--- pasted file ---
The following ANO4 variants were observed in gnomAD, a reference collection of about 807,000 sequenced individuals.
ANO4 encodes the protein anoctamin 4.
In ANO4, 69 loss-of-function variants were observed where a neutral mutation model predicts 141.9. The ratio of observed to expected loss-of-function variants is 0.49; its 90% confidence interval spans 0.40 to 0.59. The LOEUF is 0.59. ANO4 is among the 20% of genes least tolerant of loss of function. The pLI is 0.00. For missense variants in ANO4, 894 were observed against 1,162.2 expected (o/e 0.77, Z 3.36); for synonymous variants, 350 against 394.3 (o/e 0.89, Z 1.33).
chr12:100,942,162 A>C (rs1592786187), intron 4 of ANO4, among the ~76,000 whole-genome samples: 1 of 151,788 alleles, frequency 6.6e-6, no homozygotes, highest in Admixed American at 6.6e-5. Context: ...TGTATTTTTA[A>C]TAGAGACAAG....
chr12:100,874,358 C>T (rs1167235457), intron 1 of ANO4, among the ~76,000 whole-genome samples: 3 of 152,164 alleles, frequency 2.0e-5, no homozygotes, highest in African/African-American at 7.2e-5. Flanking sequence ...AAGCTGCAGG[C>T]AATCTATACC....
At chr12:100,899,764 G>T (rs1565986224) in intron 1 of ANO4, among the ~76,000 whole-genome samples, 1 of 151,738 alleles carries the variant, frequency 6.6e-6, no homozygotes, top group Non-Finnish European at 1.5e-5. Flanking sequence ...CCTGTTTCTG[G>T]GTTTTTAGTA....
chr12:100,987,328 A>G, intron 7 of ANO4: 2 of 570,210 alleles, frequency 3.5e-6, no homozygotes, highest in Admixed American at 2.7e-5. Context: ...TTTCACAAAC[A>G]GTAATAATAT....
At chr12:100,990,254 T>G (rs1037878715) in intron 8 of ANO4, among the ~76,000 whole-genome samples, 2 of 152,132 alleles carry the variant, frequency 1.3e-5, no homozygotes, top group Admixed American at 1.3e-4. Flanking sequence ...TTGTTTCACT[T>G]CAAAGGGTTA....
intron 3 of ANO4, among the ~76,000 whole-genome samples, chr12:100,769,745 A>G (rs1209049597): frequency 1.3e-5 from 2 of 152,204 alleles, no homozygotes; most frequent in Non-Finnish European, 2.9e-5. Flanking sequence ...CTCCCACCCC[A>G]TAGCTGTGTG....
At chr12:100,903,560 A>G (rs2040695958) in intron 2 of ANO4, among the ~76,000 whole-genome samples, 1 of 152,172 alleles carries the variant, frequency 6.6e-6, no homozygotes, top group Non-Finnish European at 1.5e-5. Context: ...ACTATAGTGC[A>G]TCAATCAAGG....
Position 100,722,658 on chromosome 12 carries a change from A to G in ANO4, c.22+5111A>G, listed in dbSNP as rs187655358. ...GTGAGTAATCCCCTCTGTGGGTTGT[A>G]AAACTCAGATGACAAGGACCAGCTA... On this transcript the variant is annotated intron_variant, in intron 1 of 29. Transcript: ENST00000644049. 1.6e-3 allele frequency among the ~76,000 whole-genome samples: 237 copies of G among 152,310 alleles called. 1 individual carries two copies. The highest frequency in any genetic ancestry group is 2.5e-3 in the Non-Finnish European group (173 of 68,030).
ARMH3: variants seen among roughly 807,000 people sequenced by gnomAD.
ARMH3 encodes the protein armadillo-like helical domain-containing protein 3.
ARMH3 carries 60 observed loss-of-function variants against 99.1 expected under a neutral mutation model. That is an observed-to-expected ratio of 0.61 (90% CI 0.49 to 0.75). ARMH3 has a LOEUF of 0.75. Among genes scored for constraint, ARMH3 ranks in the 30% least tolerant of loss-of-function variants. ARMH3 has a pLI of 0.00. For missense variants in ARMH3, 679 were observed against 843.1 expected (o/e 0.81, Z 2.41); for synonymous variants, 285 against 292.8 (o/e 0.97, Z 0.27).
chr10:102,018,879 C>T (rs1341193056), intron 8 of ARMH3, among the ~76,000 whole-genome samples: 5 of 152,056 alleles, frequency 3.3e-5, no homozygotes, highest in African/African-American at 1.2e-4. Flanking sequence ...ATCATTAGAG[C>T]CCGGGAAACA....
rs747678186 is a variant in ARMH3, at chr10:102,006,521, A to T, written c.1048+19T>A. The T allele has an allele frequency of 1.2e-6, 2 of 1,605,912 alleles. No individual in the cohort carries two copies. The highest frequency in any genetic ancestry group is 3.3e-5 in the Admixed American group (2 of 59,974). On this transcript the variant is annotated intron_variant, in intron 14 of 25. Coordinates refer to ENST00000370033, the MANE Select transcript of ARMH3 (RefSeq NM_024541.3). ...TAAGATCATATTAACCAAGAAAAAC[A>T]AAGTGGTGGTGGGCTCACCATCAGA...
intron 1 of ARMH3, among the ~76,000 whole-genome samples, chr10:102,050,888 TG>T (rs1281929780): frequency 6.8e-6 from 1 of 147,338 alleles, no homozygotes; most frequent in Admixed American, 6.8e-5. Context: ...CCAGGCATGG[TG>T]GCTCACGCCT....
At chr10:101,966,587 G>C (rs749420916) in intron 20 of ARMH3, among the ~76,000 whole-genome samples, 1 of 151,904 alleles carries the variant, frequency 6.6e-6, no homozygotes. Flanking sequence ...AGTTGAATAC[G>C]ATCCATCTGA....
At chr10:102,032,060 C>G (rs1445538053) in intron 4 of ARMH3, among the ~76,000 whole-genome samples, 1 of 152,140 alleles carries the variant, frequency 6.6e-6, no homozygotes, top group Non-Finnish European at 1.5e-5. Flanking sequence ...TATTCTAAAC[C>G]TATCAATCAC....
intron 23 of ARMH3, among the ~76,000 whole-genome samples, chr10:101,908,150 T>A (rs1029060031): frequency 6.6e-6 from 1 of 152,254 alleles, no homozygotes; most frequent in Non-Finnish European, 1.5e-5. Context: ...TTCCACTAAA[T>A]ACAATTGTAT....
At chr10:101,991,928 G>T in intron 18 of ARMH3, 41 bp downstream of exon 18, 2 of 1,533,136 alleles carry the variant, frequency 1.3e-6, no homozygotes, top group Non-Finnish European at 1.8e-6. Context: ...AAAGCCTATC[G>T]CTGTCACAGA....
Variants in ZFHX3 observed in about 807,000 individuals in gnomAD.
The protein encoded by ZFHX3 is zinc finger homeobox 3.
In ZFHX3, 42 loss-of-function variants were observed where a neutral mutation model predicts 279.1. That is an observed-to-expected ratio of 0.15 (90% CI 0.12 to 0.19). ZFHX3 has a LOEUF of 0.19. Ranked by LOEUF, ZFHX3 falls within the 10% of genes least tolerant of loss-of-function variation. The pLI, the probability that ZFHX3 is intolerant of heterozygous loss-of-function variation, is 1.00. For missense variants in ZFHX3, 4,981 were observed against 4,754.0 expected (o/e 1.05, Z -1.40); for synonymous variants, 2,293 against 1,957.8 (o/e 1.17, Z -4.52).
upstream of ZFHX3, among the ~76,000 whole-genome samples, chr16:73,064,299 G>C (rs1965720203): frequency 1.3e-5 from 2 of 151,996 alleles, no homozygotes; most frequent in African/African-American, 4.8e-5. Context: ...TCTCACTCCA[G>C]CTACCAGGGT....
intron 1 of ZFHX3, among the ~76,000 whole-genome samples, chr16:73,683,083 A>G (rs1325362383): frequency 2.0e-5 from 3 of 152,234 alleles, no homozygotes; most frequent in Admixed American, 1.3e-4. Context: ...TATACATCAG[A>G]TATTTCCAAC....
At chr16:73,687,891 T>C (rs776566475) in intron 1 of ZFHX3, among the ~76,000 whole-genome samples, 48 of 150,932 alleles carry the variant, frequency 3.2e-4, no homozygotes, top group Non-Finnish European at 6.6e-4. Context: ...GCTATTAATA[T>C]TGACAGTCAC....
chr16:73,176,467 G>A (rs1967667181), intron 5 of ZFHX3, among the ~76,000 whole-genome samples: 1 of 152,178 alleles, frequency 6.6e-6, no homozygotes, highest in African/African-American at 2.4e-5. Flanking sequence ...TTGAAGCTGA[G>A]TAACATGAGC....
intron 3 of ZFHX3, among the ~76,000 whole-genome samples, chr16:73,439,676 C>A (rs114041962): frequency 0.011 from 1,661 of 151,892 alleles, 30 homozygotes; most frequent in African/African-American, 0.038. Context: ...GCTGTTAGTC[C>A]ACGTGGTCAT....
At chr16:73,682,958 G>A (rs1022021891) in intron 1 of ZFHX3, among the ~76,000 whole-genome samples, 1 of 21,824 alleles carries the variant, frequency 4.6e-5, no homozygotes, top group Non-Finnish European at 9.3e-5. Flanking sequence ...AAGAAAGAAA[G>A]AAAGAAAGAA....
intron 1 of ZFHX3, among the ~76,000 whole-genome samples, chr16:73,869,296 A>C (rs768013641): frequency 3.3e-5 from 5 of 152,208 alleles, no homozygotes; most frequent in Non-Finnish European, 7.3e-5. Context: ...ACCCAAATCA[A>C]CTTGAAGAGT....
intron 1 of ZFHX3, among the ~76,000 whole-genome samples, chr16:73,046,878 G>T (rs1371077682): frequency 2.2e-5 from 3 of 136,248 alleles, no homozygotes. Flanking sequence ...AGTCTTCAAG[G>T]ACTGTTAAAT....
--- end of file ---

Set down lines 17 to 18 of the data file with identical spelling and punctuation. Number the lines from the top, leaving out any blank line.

intron 1 of ARMH3, among the ~76,000 whole-genome samples, chr10:102,050,888 TG>T (rs1281929780): frequency 6.8e-6 from 1 of 147,338 alleles, no homozygotes; most frequent in Admixed American, 6.8e-5. Context: ...CCAGGCATGG[TG>T]GCTCACGCCT....
At chr10:101,966,587 G>C (rs749420916) in intron 20 of ARMH3, among the ~76,000 whole-genome samples, 1 of 151,904 alleles carries the variant, frequency 6.6e-6, no homozygotes. Flanking sequence ...AGTTGAATAC[G>C]ATCCATCTGA....